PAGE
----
EiffelCOM simplifies development of applications using Microsoft component model (which is obvious from lib’s name). Client-server library EiffelNet allows exchanging data structures between computers via network. EiffelTime realizes multivector data and time handling. At turning on the EiffelStore library in the application, it obtains the possibility of working with data of different databases via ODBC driver including: Oracle, SQL, Ingres, Sysbase. EiffelThread realizes multithreading support in the application; with that, it stays independent from hardware and software environment and is equally supported in all Windows NT, UNIX systems on x86/64 processors, SGI workstations and Cray supercomputers. Eiffel2Java creates an interface between the program written in Eiffel, and Java-application, thus, the latter can be requested from the former. EiffelWeb allows Eiffel based developing dynamic HTML-pages containing forms to be processed by CGI-scripts.
EiffelLex and EiffelParse libraries are used for creation of text and syntactic analyzers. They can be applied for development of translators of any kind, including compilers and interpreters.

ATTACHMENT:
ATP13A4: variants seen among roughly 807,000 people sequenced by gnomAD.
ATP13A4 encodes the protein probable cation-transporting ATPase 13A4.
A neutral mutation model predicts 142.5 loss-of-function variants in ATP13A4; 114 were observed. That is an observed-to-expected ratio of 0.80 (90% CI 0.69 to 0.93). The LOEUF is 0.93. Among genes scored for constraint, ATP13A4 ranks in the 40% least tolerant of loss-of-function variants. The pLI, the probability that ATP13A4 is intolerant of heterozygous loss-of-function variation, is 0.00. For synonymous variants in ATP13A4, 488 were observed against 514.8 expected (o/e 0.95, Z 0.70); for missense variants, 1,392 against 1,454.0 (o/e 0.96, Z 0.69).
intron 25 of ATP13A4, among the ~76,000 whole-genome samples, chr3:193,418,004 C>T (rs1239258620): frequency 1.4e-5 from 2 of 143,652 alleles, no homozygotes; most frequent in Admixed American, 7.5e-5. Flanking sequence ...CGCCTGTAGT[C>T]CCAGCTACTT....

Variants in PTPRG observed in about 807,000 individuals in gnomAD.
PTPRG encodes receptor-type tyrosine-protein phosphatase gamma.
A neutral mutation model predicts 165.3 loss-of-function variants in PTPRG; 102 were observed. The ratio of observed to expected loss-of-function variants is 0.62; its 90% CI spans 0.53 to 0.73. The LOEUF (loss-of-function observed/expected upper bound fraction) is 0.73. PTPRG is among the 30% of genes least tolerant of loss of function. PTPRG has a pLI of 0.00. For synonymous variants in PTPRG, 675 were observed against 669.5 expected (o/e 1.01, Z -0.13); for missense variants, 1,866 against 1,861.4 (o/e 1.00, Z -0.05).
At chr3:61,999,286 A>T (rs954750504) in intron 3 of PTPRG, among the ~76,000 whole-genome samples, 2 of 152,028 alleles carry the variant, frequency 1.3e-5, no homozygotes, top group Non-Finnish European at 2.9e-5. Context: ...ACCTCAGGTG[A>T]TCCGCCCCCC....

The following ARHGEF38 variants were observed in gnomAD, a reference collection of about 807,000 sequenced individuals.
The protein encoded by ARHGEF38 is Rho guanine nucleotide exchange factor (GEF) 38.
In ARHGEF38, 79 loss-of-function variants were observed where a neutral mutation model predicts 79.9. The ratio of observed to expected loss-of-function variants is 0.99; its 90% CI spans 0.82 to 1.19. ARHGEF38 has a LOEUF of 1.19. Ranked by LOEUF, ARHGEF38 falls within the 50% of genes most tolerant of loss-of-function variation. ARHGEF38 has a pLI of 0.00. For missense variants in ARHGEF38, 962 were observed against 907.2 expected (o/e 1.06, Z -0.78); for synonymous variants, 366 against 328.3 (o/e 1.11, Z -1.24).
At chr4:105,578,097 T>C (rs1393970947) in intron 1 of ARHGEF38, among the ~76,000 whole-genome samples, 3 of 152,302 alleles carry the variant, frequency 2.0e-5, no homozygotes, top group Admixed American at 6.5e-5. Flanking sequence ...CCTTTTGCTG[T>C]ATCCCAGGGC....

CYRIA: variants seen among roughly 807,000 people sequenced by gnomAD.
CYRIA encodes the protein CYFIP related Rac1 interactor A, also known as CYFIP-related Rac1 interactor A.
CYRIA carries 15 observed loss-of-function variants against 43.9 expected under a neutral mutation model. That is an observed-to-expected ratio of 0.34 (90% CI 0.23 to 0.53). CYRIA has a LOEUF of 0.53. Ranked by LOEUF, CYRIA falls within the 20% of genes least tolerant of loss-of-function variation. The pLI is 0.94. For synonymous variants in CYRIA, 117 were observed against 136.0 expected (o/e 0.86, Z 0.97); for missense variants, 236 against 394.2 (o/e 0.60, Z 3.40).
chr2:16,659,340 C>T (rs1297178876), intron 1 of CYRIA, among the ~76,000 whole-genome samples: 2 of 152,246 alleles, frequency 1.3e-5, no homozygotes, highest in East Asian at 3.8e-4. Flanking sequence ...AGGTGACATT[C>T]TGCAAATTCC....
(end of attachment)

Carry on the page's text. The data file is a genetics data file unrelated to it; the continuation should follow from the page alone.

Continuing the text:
And these are only the libraries out of the standard Eiffel pack! The list may be supplemented by purchasing necessary library from Eiffel Software, or to try your luck searching in the Open Source community.

EiffelStudio installation

EiffelStudio is an original programming environment in Eiffel language. Two options are suggested for its installation: EiffelStudio version — Enterprise Evolution Edition, and a version under GPL license. I prefer to install development tools under free license, because the trial period is normally insufficient. In such a case, installing EiffelStudio from the terminal is more convenient. But first…

Before installation of EiffelStudio, the Xcode shall be installed. I doubt you do not have it, but command line tools for it may be lacking. In such a case you should go to Apple website to Downloads for Apple Developers (you need a valid Apple ID to get there), and then, after little research, download Command Line Tools (OS X 10.9) for Xcode, the latest tools version as of the date of this article was Late December 2014.


Webpage for command line tools download

As a result, a package—disk image for installation of command line utilities—will be downloaded to your Mac hard drive. The installation is standard and creates no problems. Please note, you should run Xcode at least once after tools installation to accept license conditions; failing that, code compilation from EiffelStudio may not work in future for “undefined” reasons.